Collection courts have been beefed up and the backlog reduced

The Juzgado de Cobros is in charge of dealing with cases where private creditors request debtors to pay off what they owe.

Five years ago, this same court experienced serious delays in its cases and some of its staff was investigated for sexual and labor harassment. Some cases took up to 16 months to be solved.

As of 2013, judiciary authorities started an internal investigation of the problems the court faced. They quickly recognized that employees could not deal with the high volume of complaints, and one year later a restructuring started.

During the second semester of 2014, the Corte Suprema de Justicia ordered the creation of two more Juzgados de Cobros to reduce the high delay rate.

These new courts started their full operation in 2015, and employees from other administrative units were transferred to

staff them. Today, each of them has eight judges and 24 technicians.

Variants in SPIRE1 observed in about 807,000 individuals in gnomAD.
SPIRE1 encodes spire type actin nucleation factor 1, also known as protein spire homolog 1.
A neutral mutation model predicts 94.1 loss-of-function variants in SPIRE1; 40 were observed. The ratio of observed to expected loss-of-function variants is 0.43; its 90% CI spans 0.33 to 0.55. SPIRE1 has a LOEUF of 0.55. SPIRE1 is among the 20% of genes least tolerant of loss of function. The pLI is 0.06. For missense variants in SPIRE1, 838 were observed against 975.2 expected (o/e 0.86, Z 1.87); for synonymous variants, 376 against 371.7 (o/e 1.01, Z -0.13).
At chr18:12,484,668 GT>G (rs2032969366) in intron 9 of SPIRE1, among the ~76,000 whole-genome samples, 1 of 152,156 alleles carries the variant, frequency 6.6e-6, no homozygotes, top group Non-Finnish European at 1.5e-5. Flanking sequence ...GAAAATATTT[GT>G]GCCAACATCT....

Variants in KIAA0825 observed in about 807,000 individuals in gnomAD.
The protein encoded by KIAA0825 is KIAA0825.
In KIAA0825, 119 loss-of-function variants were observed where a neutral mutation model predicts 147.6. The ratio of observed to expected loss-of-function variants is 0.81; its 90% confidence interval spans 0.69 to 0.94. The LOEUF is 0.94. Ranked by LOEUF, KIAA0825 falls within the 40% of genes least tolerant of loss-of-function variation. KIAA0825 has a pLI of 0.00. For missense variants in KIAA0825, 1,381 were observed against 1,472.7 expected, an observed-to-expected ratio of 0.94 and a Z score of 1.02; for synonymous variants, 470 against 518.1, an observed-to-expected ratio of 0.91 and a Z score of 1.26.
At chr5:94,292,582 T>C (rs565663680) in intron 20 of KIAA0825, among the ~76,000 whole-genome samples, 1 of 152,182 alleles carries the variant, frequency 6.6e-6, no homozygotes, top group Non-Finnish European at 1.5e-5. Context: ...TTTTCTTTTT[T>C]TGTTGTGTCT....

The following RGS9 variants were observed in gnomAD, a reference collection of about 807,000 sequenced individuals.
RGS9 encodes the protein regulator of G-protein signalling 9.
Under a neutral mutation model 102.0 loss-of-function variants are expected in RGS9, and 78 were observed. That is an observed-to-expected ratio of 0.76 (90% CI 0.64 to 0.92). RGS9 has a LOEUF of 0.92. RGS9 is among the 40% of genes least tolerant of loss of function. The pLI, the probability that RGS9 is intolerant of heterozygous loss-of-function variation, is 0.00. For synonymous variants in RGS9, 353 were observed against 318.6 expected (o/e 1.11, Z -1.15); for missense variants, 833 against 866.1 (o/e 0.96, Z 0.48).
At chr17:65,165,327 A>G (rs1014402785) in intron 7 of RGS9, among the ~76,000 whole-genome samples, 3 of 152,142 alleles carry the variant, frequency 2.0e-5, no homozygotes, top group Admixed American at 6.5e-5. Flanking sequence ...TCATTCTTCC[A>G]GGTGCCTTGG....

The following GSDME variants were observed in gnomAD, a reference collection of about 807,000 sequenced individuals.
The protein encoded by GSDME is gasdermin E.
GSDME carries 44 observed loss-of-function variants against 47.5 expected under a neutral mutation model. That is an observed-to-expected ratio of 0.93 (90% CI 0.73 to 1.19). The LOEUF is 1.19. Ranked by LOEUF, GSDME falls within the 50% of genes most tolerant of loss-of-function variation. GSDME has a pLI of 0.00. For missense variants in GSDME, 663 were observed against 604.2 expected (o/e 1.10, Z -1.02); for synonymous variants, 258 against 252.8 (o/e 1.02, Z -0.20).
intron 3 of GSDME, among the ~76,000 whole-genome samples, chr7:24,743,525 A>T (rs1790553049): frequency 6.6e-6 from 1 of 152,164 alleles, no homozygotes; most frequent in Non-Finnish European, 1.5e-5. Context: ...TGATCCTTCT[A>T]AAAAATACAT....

“Juzgados I and II dealt with accrued cases until March this year. That allowed them to catch up. Juzgado III has dealt only new cases and because of the reform, cases are processed and involved parties notified within 24 hours after a complaint is filed.” said María Mora, coordinator judge of Juzgado I.

According to Judge Mora, users can now expect to get prompt justice and praises the support offered by the high authorities of Poder Judicial.

A new collections law went into effect in 2008, that was the measure that created the specialized court in the first place.

Only a fax number or an e-mail address will be valid for notifications, according to the law. Still some lawyers complain that a major delay is the difficulty in notifying individuals that they have been called in to court.

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